My responsibilities as a ninth grade STEM English teacher were I had to create two project-based learning units per semester, two for each of the preps that I taught. Additionally, I had after-school tutoring at least three times a week, and daily STEM English teacher professional learning community (PLC) meetings where we vertically aligned our curriculum, discussed grading tactics, developed projects together, and gave feedback to projects created. These PLCs alone helped me become a better teacher for my students and become a better curriculum writer.
Though I had many STEM responsibilities, I also had responsibilities as an English 1 teacher at our big school--Berkner--and as a teacher for the state of Texas. With the English I curriculum, I had to provide students with the tools and confidence they need to pass their English 1 State of Texas Assessment of Academic Readiness (STAAR) end-of-course exam. I succeeded this goal, as 90% of my students passed on the first try, which was high above the state average of a 65% pass-rate.
Lord of the Flies: symbolism and the human condition
Statement of Inquiry: In Lord of the Flies, William Golding uses symbolism to explore the human condition.
MYP/UBD Unit Planner: Unit 2- Lord of the Flies (1).pdf
All Materials for Lord of the Flies unit: all materials
Literary Essay: After reading and analyzing the novel, students will write an essay question on the statement of inquiry: How does William Golding use symbolism to explore the human condition?
Symbol Book: to prepare students for the literary essay, as they are reading the book, they will turn in a symbol. Like the essay, the symbol book is focused on the statement of inquiry: how does Golding use symbolism to explore the human condition? Criteria: by the end of 4 weeks, students will have a symbol book that includes: 4 different symbols in the book. On a piece of computer paper, students will creatively draw the symbol (perceptively) and include its name and what it symbolizes; on the back of each symbol, students will include at least 3 quotations from the book of that quotation. Underneath each quotation, students will analyze how the symbol is symbolic in the quotation; they will use an acronym--T.A.P.E.S.--to help them do this. They will turn in the symbol book each week (1 new drawing and 3 new quotations/analyses each week) so as to give students feedback on their writing and analytical skills. They will use this symbol book to help them write their essay.
Quizzes: After every 3-4 chapters, students will have a quiz on the study guides provided of those chapters.
Socratic Discussion: There will be a Socratic discussion midway through the book and at the end.
1. Literary Essay: FinalEssayLOTFUnit2 (3).docx
2. Symbol Books: SymbolBookAssignment.docx
3. Socratic Discussions: Discussion Rubric.docx
Fahrenheit 451: Censorship and Zines
Statement of Inquiry: In his book Fahrenheit 451, Ray Bradbury uses genre, themes, and language to combat censorship and reveal the social and political problems that continue to plague our world today.
MYP/UBD Unit Planner: Fahrenheit 451 Unit Planner
All Materials for Fahrenheit 451: all materials
Zines: While reading the book, students are divided into small groups to work on zines, underground magazines on taboo topics that are created by hand and distributed throughout a community. Students choose taboo topics--topics that need to be heard and are oftentimes censored by society for one reason or another--write articles and design the magazine to distribute around their community.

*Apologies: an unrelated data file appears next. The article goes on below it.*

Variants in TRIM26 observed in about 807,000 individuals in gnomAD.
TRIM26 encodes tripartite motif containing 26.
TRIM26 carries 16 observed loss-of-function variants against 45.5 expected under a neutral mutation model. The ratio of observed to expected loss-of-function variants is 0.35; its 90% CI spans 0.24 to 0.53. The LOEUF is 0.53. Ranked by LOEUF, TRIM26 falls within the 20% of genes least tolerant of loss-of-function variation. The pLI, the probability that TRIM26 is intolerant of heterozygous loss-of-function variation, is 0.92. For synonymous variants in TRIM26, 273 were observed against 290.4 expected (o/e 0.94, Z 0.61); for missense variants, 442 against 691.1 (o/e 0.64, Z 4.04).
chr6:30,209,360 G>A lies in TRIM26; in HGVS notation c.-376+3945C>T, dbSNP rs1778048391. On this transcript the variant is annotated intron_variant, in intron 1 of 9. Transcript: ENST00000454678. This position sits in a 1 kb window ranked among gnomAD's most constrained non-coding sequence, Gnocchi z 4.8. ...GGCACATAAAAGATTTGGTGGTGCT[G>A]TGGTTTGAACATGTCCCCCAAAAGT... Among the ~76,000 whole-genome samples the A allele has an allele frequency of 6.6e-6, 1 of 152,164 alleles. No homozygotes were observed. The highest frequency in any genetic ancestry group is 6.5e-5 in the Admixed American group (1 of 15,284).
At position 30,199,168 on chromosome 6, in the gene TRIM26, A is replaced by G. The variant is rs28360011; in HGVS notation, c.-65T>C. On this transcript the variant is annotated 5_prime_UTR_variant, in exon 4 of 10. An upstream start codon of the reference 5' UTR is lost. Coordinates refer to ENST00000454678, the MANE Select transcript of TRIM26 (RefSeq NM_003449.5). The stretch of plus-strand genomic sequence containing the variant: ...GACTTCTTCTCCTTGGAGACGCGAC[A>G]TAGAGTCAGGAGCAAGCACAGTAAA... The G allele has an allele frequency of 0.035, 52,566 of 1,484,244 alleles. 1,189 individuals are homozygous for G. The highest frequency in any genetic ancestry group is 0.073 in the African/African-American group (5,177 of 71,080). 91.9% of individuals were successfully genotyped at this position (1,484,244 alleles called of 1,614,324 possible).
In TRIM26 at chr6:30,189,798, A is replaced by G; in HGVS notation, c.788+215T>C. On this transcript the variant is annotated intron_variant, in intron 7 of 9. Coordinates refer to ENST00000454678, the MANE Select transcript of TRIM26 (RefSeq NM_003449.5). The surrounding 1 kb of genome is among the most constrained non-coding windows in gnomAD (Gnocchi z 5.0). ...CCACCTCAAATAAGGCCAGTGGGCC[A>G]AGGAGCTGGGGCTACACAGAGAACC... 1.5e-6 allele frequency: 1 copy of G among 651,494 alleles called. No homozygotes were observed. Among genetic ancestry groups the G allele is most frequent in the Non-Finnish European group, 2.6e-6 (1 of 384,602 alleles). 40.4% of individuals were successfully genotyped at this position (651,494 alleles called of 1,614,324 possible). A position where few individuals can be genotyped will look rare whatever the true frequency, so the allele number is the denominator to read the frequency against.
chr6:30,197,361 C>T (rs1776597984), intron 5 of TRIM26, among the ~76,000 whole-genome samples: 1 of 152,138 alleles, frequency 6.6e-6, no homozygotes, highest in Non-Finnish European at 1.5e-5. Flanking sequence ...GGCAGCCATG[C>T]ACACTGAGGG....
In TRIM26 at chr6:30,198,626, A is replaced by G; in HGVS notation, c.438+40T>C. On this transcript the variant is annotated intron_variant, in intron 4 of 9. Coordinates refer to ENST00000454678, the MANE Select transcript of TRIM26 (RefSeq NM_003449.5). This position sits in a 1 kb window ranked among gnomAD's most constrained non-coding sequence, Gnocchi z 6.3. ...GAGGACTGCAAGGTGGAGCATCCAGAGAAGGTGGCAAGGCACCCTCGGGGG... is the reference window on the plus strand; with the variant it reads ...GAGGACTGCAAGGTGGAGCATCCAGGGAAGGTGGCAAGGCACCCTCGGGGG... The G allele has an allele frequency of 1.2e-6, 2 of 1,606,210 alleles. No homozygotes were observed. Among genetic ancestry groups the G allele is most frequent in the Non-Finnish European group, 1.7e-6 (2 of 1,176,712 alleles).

Lit Circle Groups: As students read each section of the book, they have a study guide and have "roles" in their lit circle groups. After each section, they discuss the book with their groups, go over study guides, and create profound questions for Socratic discussion. This study group occurs three times.
Socratic Discussion: Before quizzes, students have a class Socratic discussion based on the big-picture questions they and their lit circle groups have created. They must bring in evidence from the book and real-world to support their answers in the discussion. This discussion occurs three times.
Quizzes: A short quiz is given after each section.
1. Group Zine: Rubric for Entire Zine
2. Individual Article Zine: Zine column rubric
3. Lit Circles: Lit Circle Rubric
4. Harkness/Socratic Discussions: Discussion documents and rubric
Short Stories: Environmental/human rights and PSAs
Statement of Inquiry: Students can recognize the importance of our common humanity through analyzing the relationships between characters and cultures in literature, researching contemporary human(/environmental righst violations, and creating a public service announcement.
MYP/UBD Unit Planner: Environmental/Human Rights Planner
All Materials for Environmental/Human Rights unit: all materials
PSA: After reading short stories and analyzing public service announcements, students will create their own PSA--in commercial (video), advertisement (poster), or audio format--on a current human/environmental right issue in their community. They must consider their own author's purpose, tools, tone, and audience, and write a rationale of their process.
Short stories/quizzes: Students will read short stories on environmental/human rights issues, analyzing author's purpose, tools, tone, and audience. They will have quizzes on short stories and the tools we discussed.
Public Service Announcements: Students will watch videos and look at advertisements that are PSAs; they will analyze again author's purpose, tools, tone, and audience.
1. Public Service Announcements: Rubric PSA
2. Rationales: Rationales Rubric
3.Weekly Reflection: Weekly Reflection Rubric
1. Bullying in high school as their dilemma in the world.
2. Capital Punishment
Romeo and Juliet: Video Explication Project
Statement of Inquiry: In Romeo and Juliet, Shakespeare uses language to "hack the system" and address themes that transcend time.
MYP/UBD Unit Planner: Romeo and Juliet Unit Planner
All Materials for Romeo and Juliet unit: all materials